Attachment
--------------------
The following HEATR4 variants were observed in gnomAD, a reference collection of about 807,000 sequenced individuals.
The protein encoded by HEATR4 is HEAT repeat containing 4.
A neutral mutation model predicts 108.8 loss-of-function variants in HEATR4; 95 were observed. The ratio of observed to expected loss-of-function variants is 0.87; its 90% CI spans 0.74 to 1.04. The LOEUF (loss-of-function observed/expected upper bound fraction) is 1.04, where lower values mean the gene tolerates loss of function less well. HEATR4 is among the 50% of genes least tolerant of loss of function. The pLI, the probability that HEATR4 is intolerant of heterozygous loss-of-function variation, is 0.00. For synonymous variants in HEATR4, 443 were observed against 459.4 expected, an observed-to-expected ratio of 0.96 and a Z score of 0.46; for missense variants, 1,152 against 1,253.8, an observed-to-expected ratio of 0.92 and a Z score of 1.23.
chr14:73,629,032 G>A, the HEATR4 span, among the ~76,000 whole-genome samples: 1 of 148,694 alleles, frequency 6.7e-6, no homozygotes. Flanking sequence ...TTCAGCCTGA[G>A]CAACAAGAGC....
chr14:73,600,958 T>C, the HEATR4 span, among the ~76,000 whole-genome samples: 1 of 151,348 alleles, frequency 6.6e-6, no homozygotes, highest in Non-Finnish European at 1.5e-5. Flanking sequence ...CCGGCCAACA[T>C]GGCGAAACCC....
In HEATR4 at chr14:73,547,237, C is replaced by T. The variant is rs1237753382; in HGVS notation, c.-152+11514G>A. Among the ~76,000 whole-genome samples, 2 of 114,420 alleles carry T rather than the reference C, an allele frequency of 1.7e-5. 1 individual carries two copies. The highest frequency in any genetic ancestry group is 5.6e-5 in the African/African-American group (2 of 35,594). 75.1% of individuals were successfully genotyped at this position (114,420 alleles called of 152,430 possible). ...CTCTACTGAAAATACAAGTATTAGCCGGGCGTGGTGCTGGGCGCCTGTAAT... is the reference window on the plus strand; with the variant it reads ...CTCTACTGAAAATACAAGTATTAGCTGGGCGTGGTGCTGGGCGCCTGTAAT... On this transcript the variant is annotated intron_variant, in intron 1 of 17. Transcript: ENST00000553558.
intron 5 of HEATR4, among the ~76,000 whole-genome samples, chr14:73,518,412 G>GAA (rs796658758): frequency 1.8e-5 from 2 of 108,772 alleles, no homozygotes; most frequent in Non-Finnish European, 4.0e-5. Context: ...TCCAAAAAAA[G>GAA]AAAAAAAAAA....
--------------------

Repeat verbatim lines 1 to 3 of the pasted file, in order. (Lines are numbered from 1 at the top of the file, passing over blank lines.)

The following HEATR4 variants were observed in gnomAD, a reference collection of about 807,000 sequenced individuals.
The protein encoded by HEATR4 is HEAT repeat containing 4.
A neutral mutation model predicts 108.8 loss-of-function variants in HEATR4; 95 were observed. The ratio of observed to expected loss-of-function variants is 0.87; its 90% CI spans 0.74 to 1.04. The LOEUF (loss-of-function observed/expected upper bound fraction) is 1.04, where lower values mean the gene tolerates loss of function less well. HEATR4 is among the 50% of genes least tolerant of loss of function. The pLI, the probability that HEATR4 is intolerant of heterozygous loss-of-function variation, is 0.00. For synonymous variants in HEATR4, 443 were observed against 459.4 expected, an observed-to-expected ratio of 0.96 and a Z score of 0.46; for missense variants, 1,152 against 1,253.8, an observed-to-expected ratio of 0.92 and a Z score of 1.23.